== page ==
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Is There a Green Eyed Monster in Your Pack?
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IS THERE A GREEN-EYED MONSTER IN YOUR PACK?
Jeal-ous adj 1a: intolerant of rivalry or unfaithfulness b: apprehensive of the loss of another’s exclusive devotion 2: vigilant in guarding a possession
Tucker, our Cattle Dog mix, loves to play active, noisy games with my husband, Paul. Unfortunately, Katie, our Australian Kelpie, doesn’t approve, and if Paul and Tucker try to engage in a rousing game of Growly Butt-Scratch or an energetic bout of Tug-‘O-War, Katie charges into the den and effectively breaks up the game by making ugly faces at Tucker and biting his heels. Once Tucker is squelched, Katie runs to Paul, ears back, eyes squinting adorably, and demands attention for herself with a burst of irrepressible Kelpie energy. (I like to fondly describe Kelpies as Border Collies on uppers.)
You may have a dog at home who uses other methods, perhaps less aggressive, perhaps more, to come between you and another dog with whom you are interacting. Is this jealousy? If not, what is it? And whatever it is, how do we deal with it?
Trainers have mixed opinions about whether dogs truly display the much-maligned emotion known as jealousy. A glance at the definitions may explain why. If we define jealousy as “intolerant of unfaithfulness” or “apprehensive of the loss of another’s exclusive devotion,” then dogs probably would not be accurately described as being jealous. This definition implies the ability to analyze and react to past events, or anticipate future ones. Since dogs are pretty much “in-the-moment,” they are virtually incapable of anticipating a future loss, or of reacting belatedly to an event that is over and done with. When you walk in the door and your dog sniffs you all over because you have been petting someone else’s dog, a more likely explanation than jealousy is that he is reading the other dog’s scent with intense interest because it is new and different.
However, by the second definition, dogs certainly may be “jealous.” Some dogs have mastered the art of possession (resource) guarding, and for many dogs, their owners are very valuable resources indeed. So, while unlike us humans, who are sometimes prone to sitting around feeling jealous and miserable because something may have happened to divert our beloved’s attentions (or we think something might happen), a dog is likely to experience jealousy in the resource guarding sense only when a threat to the coveted resource is present and immediate.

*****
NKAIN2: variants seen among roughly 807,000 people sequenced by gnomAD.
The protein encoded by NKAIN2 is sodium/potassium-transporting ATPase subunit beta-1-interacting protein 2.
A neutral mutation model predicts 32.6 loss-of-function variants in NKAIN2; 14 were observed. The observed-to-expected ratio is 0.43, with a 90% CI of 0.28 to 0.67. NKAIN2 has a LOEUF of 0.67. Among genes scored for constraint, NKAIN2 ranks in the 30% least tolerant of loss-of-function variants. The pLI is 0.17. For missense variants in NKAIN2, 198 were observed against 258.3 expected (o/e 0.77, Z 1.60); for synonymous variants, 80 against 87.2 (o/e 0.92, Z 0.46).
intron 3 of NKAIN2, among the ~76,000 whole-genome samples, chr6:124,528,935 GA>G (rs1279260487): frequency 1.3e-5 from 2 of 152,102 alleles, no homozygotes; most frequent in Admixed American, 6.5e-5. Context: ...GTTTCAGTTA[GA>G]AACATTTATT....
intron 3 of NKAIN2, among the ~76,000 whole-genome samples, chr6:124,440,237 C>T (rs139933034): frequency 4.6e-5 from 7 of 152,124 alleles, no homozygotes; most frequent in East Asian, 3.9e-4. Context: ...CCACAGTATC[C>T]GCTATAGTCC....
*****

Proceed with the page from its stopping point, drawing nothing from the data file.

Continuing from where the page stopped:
Deb Jones, Ph. D., psychologist, author and positive trainer and canine behavior specialist for Planet Canine, in Akron, Ohio, agrees that dogs display behaviors that we can categorize as jealousy. “I believe that with both humans and animals there is an unpleasant emotional experience connected with the loss of desired resources,” Jones says. “When that resource is a person and the experience is connected with competition for that person, we tend to label it as jealousy. When important resources are threatened, the result can be an increased effort to retain that resource.”
Positive trainer Leslie Nelson, Training Director at Tails-U-Win! Canine Center in Manchester, Connecticut, prefers to think more in terms of basic resource guarding. “While many dogs, especially in multi-dog household, appear to be jealous of one another,” says Nelson, “I think
what we are actually witnessing is a bit more basic. One of the reasons I enjoy my dogs so much is that they live very much in the present and don’t waste their lives held captive by destructive emotions.” Nelson continues, “ Having said that, dogs are very possessive about valuable resources. Your attention, your voice, your touch are all to be prized, and it is only natural that a possessive dog would want them all for himself.”
Whether we prefer to call it jealousy or resource guarding, the behavior is the same, and it can be problematic. While it may be ego-gratifying to think that our dog wants our undivided attention, it can interfere with our relationships with other loved ones, and can even result in severe injury to other dogs or humans. It’s a behavior that we should discourage, but before we can do that we need to be able to identify the green-eyed monster when he rears his ugly head.